The camp unofficially opens with information, presentation of the trainers and a pledge of “giving your best all the time.” More on that in a minute. The we proceeded outdoor and started training.
Mandirigma camp is not about fancy moves and high kicks, it’s about grinding the stone on the basic workable moves. We played with basic moves with double sticks and changed attitudes and included kicks. After what I guess was an hour of this we changed and got into the pool. Oh, you thought for a relaxing chill? Get serious! Teams of three did a routine where one was always swimming while the two others did plank and water push ups at either end of the pool. If you didn’t give it your best while swimming the two others would do needlessly many reps. That’s what the pledge is about, give it your best all the time. Then the team is stronger and you all progress.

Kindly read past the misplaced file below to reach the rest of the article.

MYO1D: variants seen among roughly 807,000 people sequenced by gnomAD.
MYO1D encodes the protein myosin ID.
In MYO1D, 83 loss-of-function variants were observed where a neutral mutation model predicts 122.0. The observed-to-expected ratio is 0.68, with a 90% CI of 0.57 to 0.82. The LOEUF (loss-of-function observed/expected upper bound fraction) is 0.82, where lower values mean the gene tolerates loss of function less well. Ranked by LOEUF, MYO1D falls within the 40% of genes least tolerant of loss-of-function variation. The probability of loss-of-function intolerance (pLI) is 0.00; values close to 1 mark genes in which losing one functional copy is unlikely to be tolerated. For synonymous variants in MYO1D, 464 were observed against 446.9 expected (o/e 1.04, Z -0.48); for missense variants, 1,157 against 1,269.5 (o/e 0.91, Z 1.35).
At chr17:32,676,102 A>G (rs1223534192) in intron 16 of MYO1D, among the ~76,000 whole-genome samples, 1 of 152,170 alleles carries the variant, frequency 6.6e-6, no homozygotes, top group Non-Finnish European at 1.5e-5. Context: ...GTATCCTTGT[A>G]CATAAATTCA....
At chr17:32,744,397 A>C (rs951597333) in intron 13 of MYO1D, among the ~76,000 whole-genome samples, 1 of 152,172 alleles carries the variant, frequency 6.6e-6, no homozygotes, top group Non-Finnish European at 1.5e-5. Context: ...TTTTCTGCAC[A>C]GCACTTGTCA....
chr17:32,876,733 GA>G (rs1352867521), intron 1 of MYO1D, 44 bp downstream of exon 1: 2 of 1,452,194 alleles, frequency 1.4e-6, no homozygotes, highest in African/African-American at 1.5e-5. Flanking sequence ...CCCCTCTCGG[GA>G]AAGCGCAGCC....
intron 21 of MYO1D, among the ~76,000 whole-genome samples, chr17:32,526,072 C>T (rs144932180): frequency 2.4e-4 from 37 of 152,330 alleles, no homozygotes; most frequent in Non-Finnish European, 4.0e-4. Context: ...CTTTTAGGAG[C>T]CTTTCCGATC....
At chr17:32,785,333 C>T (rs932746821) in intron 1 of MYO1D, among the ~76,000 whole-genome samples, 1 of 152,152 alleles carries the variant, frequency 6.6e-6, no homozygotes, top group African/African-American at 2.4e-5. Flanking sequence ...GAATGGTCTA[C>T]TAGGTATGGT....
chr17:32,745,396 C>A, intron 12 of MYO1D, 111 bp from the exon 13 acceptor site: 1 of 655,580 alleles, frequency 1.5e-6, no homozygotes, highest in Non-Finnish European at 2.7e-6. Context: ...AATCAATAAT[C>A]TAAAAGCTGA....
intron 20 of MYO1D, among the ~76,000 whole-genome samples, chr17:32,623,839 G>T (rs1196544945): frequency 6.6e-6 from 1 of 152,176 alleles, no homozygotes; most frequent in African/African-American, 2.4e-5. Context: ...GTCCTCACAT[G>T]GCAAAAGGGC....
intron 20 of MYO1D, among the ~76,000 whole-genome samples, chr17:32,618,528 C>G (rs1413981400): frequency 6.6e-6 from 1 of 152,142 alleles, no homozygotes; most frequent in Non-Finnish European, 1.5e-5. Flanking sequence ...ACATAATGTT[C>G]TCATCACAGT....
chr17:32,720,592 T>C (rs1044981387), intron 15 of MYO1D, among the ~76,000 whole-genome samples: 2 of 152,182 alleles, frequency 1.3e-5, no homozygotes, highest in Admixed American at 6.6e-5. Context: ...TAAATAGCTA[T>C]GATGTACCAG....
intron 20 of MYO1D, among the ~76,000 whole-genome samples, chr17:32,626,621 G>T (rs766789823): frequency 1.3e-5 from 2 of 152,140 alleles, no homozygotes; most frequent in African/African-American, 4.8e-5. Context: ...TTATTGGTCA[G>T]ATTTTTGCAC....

Right now I’m drinking a Heineken in the pool bar before we head out for dinner. We will do the morning run tomorrow, and after breakfast we’ll go to the hospital in the break before Muay Thai.
We talk to Heikki and on his idea borrow his motorbike and drive into town to check out the medical clinics closer to our hotel. What a great idea. I had to go a round with myself as I have a strict no drink and drive policy, but the one beer is manageable.
We drive down a along the beach and on the second place we stop Katja get to meet the doctor and we make an appointment for tomorrow. This should give us time to get back to the hotel, change and still make it in time for the bus to the Muay Thai session tomorrow.
We get thai dinner in town while we’re there. Live music plays white we eat and it’s quite good. Both the food and the music. We drive back and turn in. Guess tomorrow’s gonna be hard enough even with enough sleep.
“I walked to work. I paced up and down the bus looking for a seat. Next time I walk to work I’m getting on my treadmill.”
― Jarod Kintz, Xazaqazax